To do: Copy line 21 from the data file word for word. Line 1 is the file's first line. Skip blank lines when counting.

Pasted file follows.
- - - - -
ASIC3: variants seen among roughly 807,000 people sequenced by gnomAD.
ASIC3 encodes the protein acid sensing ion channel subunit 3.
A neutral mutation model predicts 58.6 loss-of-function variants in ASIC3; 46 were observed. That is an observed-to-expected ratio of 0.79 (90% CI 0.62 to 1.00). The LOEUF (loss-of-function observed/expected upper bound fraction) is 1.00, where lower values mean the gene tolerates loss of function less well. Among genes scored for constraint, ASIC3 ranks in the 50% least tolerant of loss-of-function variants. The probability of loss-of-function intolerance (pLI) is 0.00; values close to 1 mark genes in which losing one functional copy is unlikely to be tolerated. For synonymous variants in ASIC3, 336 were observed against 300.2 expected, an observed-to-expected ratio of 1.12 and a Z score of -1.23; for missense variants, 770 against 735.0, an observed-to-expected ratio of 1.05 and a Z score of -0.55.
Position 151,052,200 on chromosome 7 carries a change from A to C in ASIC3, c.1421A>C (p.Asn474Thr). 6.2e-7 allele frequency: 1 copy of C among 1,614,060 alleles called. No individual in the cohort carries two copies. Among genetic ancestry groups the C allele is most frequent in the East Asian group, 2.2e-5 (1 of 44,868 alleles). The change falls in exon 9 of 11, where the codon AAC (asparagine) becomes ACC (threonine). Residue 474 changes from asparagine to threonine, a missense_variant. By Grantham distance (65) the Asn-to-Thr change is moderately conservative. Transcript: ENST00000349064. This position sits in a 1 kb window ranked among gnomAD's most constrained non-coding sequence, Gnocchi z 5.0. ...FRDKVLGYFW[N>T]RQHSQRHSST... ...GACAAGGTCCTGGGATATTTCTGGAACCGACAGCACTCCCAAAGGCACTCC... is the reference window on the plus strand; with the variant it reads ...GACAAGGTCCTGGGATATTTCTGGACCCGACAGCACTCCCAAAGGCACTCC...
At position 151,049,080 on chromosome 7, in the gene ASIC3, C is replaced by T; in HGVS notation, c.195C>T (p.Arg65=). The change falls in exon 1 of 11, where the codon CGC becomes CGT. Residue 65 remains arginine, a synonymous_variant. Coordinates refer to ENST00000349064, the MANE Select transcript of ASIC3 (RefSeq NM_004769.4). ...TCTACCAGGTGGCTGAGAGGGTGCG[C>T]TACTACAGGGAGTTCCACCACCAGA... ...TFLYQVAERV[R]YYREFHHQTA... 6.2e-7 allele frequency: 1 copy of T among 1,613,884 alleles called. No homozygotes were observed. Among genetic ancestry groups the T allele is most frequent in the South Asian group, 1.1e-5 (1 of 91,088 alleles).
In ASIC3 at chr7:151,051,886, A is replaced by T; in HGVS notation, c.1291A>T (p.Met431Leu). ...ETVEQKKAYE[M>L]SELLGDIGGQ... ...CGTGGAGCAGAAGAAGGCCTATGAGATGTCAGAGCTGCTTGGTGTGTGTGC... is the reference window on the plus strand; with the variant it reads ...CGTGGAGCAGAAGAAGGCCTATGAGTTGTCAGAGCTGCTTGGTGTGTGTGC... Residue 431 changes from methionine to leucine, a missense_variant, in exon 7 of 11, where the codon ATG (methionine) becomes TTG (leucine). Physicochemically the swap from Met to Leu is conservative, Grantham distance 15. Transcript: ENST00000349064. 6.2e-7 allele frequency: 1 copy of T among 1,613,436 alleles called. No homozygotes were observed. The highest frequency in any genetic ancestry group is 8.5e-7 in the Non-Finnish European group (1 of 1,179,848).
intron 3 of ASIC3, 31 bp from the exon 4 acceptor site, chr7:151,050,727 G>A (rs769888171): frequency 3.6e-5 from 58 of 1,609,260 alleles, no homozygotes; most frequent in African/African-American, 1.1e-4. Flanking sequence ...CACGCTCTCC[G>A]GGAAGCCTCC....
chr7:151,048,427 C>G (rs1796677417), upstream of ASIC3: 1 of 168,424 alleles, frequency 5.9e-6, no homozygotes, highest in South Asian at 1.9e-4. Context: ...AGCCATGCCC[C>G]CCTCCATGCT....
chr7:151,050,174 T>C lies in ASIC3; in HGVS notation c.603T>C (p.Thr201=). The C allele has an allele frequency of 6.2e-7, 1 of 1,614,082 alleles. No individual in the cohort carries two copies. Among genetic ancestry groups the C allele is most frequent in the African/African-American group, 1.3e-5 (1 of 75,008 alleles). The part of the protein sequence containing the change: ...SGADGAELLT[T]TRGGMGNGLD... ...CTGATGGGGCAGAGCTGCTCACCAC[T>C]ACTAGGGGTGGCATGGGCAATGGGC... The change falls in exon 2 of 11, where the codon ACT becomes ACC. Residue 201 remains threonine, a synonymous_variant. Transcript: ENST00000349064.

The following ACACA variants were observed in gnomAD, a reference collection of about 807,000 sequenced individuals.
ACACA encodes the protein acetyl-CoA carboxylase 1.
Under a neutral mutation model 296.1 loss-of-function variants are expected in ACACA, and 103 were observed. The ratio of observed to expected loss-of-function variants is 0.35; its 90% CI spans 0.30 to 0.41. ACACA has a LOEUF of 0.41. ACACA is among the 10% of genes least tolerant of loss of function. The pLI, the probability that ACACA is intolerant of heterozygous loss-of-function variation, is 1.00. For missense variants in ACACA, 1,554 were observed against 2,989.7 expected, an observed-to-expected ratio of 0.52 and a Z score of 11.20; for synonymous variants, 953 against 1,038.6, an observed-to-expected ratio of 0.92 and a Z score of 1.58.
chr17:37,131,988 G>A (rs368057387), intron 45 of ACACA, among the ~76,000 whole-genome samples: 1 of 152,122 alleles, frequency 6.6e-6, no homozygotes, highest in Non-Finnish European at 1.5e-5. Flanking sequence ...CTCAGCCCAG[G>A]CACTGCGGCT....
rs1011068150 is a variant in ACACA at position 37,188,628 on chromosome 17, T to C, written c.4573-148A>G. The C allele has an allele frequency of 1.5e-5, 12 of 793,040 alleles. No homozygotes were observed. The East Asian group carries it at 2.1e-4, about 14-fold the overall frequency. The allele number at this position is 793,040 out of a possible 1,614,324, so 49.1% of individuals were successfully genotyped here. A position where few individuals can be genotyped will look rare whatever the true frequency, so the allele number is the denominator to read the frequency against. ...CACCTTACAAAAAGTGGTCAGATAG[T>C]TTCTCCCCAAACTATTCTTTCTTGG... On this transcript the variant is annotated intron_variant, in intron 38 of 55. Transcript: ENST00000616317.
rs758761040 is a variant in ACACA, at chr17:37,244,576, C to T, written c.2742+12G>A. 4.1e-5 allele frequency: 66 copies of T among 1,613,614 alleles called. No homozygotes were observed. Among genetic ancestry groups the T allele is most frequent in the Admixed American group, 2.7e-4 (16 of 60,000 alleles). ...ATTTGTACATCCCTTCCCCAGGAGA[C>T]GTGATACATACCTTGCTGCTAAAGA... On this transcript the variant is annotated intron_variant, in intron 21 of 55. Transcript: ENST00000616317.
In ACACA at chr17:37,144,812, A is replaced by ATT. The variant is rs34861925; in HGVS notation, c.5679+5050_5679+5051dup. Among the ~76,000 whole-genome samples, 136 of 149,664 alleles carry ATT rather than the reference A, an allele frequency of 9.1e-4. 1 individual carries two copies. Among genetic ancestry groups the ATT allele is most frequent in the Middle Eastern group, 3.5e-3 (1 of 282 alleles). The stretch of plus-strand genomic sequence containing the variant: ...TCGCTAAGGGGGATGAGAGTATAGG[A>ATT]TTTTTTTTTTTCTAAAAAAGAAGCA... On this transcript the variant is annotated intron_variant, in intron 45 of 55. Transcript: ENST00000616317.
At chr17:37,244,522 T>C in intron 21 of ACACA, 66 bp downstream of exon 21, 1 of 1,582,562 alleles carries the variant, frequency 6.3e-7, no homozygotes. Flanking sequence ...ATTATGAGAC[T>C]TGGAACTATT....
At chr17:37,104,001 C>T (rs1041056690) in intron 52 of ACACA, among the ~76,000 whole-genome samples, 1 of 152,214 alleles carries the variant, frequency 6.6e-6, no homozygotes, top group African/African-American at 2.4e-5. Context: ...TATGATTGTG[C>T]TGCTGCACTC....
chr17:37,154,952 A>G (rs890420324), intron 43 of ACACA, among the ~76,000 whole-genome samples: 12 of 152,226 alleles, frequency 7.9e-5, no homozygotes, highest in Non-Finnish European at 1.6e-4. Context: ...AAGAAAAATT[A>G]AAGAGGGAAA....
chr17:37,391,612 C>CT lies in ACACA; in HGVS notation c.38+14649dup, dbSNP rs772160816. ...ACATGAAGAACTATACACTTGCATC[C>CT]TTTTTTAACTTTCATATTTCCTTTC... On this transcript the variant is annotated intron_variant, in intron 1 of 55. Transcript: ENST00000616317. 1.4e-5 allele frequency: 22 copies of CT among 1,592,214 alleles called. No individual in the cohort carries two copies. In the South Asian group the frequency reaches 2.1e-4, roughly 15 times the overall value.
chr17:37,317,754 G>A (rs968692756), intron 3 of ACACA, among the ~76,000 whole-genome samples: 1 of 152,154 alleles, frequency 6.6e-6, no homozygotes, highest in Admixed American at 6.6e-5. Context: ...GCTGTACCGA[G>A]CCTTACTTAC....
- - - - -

chr17:37,317,754 G>A (rs968692756), intron 3 of ACACA, among the ~76,000 whole-genome samples: 1 of 152,154 alleles, frequency 6.6e-6, no homozygotes, highest in Admixed American at 6.6e-5. Context: ...GCTGTACCGA[G>A]CCTTACTTAC....